The Daily Item, Sunbury, PA

The Rave

July 14, 2012

More ways to grade teachers in new system

The new teacher evaluation system taking effect next year in Pennsylvania will use more measures to assess student achievement and revise ratings to improve teacher performance.

Certainly, the current evaluation system, which classifies 99.4 percent of all Pennsylvania teachers as "satisfactory," needs more clarity at a time when research shows the single-most important thing schools can do for students is connect them with highly effective teachers.

The new evaluation system will use student performance, test scores, attendance and graduation rates to judge teachers, rather than basing evaluations solely on classroom observation.

Multiple measures and rankings are key factors for improving teacher evaluations, according to The New Teacher Project (TNTP) a nonprofit organization founded by teachers working in more than 40 U.S. cities to improve the quality of education.

"No single data point can paint a complete picture of a teacher's performance, so evaluation systems should use multiple measures to determine whether teachers have met performance expectations," the TNTP wrote in a recent position paper on teacher evaluations.

Pennsylvania is also expanding the teacher evaluation rating scale, increasing the number of possible performance rating categories from two -- satisfactory and unsatisfactory -- to four -- distinguished, proficient, needs improvement, fails.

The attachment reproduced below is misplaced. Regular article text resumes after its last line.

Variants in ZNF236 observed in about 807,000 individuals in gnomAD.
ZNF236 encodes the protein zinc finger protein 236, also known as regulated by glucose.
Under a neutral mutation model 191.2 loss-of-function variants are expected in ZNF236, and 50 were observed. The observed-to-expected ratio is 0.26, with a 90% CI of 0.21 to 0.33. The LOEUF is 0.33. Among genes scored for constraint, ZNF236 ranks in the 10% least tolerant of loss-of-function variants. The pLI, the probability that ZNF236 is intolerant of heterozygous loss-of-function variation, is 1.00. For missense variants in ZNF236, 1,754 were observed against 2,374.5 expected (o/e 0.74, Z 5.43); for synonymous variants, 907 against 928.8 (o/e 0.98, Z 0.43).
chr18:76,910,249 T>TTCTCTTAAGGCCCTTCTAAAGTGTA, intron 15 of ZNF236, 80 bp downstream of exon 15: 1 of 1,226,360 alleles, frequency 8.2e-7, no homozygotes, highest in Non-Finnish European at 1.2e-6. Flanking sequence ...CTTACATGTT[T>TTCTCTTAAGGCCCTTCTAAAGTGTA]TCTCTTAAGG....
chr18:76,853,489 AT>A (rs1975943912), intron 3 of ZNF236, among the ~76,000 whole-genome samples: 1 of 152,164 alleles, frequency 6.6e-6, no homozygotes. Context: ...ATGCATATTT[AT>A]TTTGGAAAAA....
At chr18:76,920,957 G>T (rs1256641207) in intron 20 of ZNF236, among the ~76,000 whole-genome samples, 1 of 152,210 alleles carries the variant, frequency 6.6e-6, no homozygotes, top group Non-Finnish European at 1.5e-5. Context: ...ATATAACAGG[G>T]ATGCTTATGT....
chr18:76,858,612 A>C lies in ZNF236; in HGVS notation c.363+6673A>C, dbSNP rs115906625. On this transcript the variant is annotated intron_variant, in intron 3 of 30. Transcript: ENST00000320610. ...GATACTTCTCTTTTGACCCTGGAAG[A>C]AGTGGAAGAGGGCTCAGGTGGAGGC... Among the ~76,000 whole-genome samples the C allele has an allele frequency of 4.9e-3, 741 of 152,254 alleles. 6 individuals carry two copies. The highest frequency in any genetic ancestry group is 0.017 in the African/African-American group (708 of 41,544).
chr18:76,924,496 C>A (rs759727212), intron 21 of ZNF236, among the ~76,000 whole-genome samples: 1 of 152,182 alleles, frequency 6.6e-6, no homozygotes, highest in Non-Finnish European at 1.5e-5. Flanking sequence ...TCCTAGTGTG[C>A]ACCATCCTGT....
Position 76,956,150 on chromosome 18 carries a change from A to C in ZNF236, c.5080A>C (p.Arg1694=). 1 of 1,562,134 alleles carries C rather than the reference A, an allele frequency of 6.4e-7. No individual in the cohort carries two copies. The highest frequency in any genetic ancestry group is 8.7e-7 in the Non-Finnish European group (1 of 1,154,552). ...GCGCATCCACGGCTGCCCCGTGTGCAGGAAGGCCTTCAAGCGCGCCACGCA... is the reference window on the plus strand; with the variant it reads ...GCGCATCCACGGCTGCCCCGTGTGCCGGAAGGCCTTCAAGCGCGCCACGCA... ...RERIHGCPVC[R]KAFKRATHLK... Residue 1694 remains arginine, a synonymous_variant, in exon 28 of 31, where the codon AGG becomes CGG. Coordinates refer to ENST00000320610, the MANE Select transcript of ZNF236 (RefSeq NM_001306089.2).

"This number of categories is large enough to give teachers a clear picture of their current performance, but small enough to allow for clear, consistent distinctions between each level," the TNTP wrote about a similar evaluation system.

Specifying whether a teacher should receive an "effective" versus "needs improvement" rating, for example, helps ensure that teacher receives support tailored to specific needs, the TNTP writes.

But the needs that are most important in this process are those of the students.

Pennsylvania's new system includes leeway to develop local measures for 20 percent of the total teacher-grading process. So as this new teacher evaluation system takes shape in local districts, it should include mechanisms to help teachers identify and assist students who come to school unprepared to learn, and who go home to families where there is no commitment toward academic motivation and support.

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